Heritage Trail. It was developed as a resort area in the 1890s
and the Chesapeake Beach Railway operated from 1900 to 1935 and
its story is related in the Railway Museum housed inside a
former station. The Railway Trail has wonderful views of Fishing
Creek and the surrounding terrain.
events and activities take place at the Chesapeake Beach Resort
& Spa. It is a destination in itself but it is located within an
easy drive of all the main attractions on the Western Shore. It
offers rooms with waterfront views, fine dining, a spa menu of
treatments, a casino and a vast array of water sports. Rock the
Dock, a series of concerts, is presented on the beach in a
unique Band Shell.
can go from sea to stars in only a short drive. Spaceflight
America and Science Center is an excellent walk into the history
of spaceflight. This museum is filled with artifacts and
interpretive galleries that will awe you. Everything here is a
highlight but you must not miss a full sized replicated space
station, the earliest digital camera, a 1998 model that cost
$15,000 and held 6 pictures, Russian, Chinese and American space
gear and an authentic Mission Control console. With all those
wonders my favorite was the medical treatment apparatus. In
space astronauts need speedy diagnosis and this milk crate sized
device takes 30-seconds to complete a full analysis of every
possible medical condition.
Patuxent River Naval Air Museum relates the history of more than
70-years of naval aviation in a newly opened $5.6-million
facility within an indoor-outdoor complex. A replica of the
first, 1911 naval airplane, greets you in the foyer. After
visiting exhibits in the main museum visitors proceed to the
Flight Line, 21 planes including experimental and supersonic
planes. The test pilot school is on the adjoining base and these
are actual planes tested there. People who were part of the
program give the tours and insider information such as, army
navy and marine planes must be 90% compatible so that parts are
interchangeable. The final stop on the tour has full sized
flight simulators that allow visitors to select their own combat
mission. This is another hidden gem.
Why stop on
the surface when you can dig deeper at the 560-acre Jefferson
Patterson State Park and Maryland Archeological Conservation
Laboratory. Once the site of a, 10,000 BC, woodland Indian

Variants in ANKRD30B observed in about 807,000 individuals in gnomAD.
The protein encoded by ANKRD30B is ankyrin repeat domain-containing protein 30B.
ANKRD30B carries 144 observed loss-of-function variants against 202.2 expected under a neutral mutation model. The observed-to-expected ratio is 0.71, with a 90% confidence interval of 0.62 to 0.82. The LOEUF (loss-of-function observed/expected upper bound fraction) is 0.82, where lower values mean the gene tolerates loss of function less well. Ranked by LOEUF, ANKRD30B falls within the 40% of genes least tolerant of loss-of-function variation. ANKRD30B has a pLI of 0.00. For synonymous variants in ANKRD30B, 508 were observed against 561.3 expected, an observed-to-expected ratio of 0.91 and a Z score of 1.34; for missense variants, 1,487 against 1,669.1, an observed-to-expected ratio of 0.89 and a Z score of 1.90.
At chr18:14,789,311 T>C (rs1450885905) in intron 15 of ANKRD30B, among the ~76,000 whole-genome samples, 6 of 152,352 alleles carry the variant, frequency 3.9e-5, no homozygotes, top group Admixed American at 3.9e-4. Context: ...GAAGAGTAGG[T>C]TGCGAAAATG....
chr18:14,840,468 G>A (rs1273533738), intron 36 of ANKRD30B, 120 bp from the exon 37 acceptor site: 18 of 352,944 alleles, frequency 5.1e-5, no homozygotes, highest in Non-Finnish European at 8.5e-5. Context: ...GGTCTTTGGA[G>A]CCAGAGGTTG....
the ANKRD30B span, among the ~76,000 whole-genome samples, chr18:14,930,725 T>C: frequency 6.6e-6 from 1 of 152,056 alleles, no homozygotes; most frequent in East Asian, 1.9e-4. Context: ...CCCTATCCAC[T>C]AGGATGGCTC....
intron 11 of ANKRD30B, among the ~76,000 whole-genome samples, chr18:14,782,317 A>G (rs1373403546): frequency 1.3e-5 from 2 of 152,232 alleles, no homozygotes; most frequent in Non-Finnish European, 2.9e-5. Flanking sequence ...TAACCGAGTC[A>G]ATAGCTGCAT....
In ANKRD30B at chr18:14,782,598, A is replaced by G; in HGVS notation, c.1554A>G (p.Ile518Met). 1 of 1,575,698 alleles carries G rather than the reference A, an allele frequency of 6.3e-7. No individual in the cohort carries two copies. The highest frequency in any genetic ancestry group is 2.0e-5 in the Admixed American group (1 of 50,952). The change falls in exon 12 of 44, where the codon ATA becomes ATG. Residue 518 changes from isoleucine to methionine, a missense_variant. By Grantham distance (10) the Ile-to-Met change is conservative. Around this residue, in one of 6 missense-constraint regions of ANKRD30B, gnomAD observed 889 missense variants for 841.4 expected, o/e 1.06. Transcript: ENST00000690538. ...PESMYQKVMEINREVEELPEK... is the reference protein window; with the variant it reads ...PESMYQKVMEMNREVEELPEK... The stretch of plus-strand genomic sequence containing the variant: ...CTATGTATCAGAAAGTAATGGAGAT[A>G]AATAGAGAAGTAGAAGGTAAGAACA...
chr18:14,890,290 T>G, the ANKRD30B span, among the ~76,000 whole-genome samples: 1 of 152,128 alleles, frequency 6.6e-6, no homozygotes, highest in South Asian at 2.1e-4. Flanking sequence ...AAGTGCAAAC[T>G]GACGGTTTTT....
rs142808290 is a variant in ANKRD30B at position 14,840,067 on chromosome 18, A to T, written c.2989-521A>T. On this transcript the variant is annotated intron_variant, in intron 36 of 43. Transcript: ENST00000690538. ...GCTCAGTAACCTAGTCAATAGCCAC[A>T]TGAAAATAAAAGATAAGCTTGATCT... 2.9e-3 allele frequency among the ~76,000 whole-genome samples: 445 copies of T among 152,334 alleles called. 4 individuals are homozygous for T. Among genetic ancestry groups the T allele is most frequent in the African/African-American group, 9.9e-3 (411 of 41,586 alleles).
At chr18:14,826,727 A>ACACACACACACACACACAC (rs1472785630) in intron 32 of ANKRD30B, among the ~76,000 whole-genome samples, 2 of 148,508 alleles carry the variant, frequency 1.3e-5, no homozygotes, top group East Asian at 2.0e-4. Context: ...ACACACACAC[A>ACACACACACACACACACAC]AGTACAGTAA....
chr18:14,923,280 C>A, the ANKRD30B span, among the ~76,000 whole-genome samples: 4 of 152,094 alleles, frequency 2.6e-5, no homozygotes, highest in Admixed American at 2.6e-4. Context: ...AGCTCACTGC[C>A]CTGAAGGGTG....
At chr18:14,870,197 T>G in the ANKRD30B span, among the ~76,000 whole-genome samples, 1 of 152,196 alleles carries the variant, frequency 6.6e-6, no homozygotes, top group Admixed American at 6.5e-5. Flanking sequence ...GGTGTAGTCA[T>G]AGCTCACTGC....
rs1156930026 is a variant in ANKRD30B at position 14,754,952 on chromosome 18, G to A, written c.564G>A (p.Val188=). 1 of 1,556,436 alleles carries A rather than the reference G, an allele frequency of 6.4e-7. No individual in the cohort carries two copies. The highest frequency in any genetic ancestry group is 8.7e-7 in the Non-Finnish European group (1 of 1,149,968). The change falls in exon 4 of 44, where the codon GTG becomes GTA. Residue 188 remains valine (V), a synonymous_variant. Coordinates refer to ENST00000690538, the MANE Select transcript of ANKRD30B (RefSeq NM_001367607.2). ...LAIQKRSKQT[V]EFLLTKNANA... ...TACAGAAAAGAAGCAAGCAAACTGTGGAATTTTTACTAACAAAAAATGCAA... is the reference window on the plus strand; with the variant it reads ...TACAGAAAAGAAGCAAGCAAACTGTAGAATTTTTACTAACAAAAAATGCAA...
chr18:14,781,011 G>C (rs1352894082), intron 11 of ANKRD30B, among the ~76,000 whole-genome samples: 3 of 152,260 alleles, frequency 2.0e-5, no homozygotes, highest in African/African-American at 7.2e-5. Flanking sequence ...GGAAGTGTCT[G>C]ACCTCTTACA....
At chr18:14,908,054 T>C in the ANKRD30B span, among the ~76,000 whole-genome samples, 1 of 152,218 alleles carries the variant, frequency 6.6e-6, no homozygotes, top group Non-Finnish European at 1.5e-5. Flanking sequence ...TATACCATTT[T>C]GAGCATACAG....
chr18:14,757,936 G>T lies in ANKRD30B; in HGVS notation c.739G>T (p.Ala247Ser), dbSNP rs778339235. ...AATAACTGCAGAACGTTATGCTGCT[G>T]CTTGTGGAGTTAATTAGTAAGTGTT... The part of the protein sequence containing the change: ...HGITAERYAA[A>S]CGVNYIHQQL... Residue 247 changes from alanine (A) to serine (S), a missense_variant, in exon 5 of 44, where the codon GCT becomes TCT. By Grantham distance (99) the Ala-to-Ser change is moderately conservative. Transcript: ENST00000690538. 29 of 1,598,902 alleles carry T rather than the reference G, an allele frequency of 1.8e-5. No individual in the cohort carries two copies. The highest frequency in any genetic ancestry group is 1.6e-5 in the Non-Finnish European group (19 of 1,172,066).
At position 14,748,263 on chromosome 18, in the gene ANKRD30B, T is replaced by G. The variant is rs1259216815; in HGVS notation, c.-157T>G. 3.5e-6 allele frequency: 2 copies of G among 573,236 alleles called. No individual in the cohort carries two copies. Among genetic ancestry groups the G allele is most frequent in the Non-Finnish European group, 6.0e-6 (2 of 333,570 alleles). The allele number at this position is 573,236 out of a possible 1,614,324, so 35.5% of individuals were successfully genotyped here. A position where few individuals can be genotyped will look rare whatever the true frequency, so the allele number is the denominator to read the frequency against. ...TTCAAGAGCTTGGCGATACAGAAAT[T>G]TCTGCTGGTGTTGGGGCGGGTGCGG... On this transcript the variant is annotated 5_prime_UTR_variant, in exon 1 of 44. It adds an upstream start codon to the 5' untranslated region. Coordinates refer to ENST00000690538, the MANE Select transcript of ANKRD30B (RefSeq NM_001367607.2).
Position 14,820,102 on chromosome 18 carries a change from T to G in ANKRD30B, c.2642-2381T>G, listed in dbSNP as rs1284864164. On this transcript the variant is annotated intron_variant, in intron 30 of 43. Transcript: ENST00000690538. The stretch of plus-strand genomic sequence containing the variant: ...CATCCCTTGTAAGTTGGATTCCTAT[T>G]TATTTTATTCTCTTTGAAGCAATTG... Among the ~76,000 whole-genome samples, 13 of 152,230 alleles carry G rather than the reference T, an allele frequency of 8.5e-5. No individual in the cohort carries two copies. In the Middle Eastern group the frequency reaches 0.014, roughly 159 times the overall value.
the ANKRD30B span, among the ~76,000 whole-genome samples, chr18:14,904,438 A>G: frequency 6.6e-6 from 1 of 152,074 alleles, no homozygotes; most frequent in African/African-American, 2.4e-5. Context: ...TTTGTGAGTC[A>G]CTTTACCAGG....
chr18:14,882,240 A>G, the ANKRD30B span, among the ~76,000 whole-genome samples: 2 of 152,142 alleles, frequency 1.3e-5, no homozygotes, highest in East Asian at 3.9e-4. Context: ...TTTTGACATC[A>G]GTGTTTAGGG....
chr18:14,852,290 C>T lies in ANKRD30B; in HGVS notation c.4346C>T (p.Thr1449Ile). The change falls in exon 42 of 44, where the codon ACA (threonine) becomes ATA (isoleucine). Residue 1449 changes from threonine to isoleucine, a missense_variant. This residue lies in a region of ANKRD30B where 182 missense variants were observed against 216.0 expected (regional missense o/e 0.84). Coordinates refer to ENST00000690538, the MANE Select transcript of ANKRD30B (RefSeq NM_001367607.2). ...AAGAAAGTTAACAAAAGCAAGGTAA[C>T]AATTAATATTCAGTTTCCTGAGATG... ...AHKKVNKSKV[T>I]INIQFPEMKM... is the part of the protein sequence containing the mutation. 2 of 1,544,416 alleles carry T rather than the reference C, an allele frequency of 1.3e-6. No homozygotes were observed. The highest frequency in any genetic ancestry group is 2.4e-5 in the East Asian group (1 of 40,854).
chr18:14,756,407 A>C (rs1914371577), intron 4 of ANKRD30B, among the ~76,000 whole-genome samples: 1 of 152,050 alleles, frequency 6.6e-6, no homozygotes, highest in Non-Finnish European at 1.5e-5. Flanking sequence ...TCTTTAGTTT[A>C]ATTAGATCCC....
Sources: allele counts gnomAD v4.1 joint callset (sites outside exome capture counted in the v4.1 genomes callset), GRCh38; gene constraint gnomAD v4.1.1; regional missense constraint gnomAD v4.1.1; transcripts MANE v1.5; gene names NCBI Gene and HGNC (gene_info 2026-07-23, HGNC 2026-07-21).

village, it now contains interpretive trails and more than 65
archeological sites. The conservation lab features artifacts,
90% from MD and 10% federal and offers tours and public
archeology days. Spotlighted on the grounds is the site of
Sukeek’s Cabin. Sukeek, Jane Dawson, an African American lived
there from 1880-1920. She died the day she received a letter
that her son was killed in WWI.
Bowles purchased 2,000-acres in 1699 and erected a 2-room cabin.
In 1703 his slaves built the main house. Records indicate that
in 1723 he purchased 263 slaves and in 1729 he sold the tobacco
plantation. During the War of 1812 out of the owner’s 60 slaves
48 escaped to the British. One slave escaped during the Civil
War and joined the USCT.
Plantation is the sole remaining tourable Tidewater plantation.
Mansion tours begin with a 10-minute orientation film. Important
features of the house include the magnificently slave carved
tulip poplar alcoves in the drawing room and a 1760 Chinese
Chippendale staircase. A slave cabin on-site houses “To Be
Enslaved,” an exhibit that interprets the slave experience in
the region through artifacts and displays.
Old Wallville School is a significant site in American history.
This tiny building functioned as the separate African American
High School. Teacher Harriet Brown discovered that white
teachers with the same experience and education were paid nearly
double the salary of black teachers. She went to the NAACP where
a young attorney, Thurgood Marshall, took the case. In 1937 it
was ruled that unequal salaries violated the 14th
Amendment and this landmark case laid the groundwork for
equalization of salaries.
Annmarie Sculpture Garden was founded n the 90s and it became a
Smithsonian Associate in 2003. A museum, surrounded by more than
25 outdoor sculptures, showcases rotating exhibits. The most
famous sculpture in the garden is Antonio Mendez’s “The Oyster
Tonger.” It as the first sculpture purchased and depicts an
oysterman in honor of the men who fished the region.
Farm is a 250-acre working agri-tourism farm. It was a native
Acquintanacsuck village, a landing point for John Smith in 1609
and a campsite for British in the War of 1812. The farm is
family owned and offers tours, a petting zoo and a farm store.
it was the Smith tobacco plantation and recently 23 graves of
enslaved infants and adults were discovered. The most recent
grave dates from 1810. Some of the bodies were exhumed for DNA
testing, one individual’s face has been reconstructed
forensically and visitors can see his face across the centuries.
They named him Lazarus. The burial ground has been kept as they
would have been and a documentary, “Remembered by the Wind,” is
Shore is ground zero for seafood and farm to table dining. I
could make dozens of recommendations but here are a few
Bakery is renowned as the 3rd generation bakery of
delicious éclairs. They are made from scratch and are the
favorites of movie producers and presidents.
located inside a 1920s movie theater and decorated with posters
of movies that were once shown there. Rex’s specialty is modern
twists on comfort food and their signature Rex Charcuterie is
outstanding. The restaurant is in the heart of Leonardtown’s
Arts and Entertainment District, the only one in southern MD.http://www.therexmd.net
Fired Bistro is not to be missed. You may have seen some of the
kids on “Chopped Junior” from their children’s cooking classes.
They use wood-fired ovens, locally sourced foods and herbs that
are grown on the restaurant’s roof. The menu changes seasonally
and it features a 6-course bourbon dinner.
you have heard about all the wonders of the Western Shore of
Maryland you still aren’t convinced, remember the US Oyster
Festival. The festival will be held October 15-16 and highlights
the National Oyster Shucking Contest and the National Oyster
Cook-Off. There is nothing like it.
Maryland’s western shore is an outdoor paradise that begins only
30-miles south of Washington, DC.
American Roads and